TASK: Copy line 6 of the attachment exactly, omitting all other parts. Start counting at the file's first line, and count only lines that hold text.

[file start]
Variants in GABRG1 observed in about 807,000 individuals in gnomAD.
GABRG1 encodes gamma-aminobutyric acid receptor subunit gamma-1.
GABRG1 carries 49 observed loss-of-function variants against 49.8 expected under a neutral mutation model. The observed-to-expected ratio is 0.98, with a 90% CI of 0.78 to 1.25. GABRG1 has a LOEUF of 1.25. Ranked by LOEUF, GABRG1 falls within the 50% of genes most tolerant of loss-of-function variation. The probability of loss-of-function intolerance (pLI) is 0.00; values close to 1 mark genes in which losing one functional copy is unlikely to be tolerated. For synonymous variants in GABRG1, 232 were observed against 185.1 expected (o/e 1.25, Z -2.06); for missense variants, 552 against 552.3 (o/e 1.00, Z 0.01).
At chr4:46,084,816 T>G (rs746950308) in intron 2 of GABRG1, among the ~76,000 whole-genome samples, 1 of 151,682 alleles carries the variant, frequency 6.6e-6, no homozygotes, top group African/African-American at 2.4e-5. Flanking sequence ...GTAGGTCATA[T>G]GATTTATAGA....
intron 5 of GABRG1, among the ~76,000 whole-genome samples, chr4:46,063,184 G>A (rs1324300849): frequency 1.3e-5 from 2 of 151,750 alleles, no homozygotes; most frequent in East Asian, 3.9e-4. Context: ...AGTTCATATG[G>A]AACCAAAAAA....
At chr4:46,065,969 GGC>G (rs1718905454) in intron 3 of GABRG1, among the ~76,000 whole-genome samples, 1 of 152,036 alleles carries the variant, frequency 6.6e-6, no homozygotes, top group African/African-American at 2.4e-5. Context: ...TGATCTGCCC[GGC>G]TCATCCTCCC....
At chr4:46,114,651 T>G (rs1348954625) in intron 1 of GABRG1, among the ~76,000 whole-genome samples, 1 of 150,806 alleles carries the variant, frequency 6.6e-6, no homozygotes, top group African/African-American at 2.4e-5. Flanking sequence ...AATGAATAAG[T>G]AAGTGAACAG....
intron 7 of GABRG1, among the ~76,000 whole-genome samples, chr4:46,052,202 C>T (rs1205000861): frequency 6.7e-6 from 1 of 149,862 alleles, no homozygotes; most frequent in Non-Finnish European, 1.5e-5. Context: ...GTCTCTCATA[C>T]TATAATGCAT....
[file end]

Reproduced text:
At chr4:46,065,969 GGC>G (rs1718905454) in intron 3 of GABRG1, among the ~76,000 whole-genome samples, 1 of 152,036 alleles carries the variant, frequency 6.6e-6, no homozygotes, top group African/African-American at 2.4e-5. Context: ...TGATCTGCCC[GGC>G]TCATCCTCCC....